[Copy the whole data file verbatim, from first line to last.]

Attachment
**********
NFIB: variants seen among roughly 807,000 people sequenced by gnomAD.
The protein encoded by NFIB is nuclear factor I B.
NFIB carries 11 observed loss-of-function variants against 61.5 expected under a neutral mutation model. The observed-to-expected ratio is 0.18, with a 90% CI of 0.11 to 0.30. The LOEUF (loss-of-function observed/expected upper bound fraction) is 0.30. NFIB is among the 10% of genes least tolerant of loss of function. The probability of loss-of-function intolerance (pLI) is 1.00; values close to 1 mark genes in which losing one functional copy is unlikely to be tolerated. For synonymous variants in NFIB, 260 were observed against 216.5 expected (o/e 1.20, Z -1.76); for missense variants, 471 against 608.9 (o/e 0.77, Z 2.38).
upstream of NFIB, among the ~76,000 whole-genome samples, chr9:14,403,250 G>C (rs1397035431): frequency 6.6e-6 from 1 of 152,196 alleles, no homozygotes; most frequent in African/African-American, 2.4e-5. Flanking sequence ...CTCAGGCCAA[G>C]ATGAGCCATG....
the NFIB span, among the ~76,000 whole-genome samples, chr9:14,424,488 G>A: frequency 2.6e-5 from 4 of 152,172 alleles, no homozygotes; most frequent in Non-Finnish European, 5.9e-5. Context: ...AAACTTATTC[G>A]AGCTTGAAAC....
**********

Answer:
NFIB: variants seen among roughly 807,000 people sequenced by gnomAD.
The protein encoded by NFIB is nuclear factor I B.
NFIB carries 11 observed loss-of-function variants against 61.5 expected under a neutral mutation model. The observed-to-expected ratio is 0.18, with a 90% CI of 0.11 to 0.30. The LOEUF (loss-of-function observed/expected upper bound fraction) is 0.30. NFIB is among the 10% of genes least tolerant of loss of function. The probability of loss-of-function intolerance (pLI) is 1.00; values close to 1 mark genes in which losing one functional copy is unlikely to be tolerated. For synonymous variants in NFIB, 260 were observed against 216.5 expected (o/e 1.20, Z -1.76); for missense variants, 471 against 608.9 (o/e 0.77, Z 2.38).
upstream of NFIB, among the ~76,000 whole-genome samples, chr9:14,403,250 G>C (rs1397035431): frequency 6.6e-6 from 1 of 152,196 alleles, no homozygotes; most frequent in African/African-American, 2.4e-5. Flanking sequence ...CTCAGGCCAA[G>C]ATGAGCCATG....
the NFIB span, among the ~76,000 whole-genome samples, chr9:14,424,488 G>A: frequency 2.6e-5 from 4 of 152,172 alleles, no homozygotes; most frequent in Non-Finnish European, 5.9e-5. Context: ...AAACTTATTC[G>A]AGCTTGAAAC....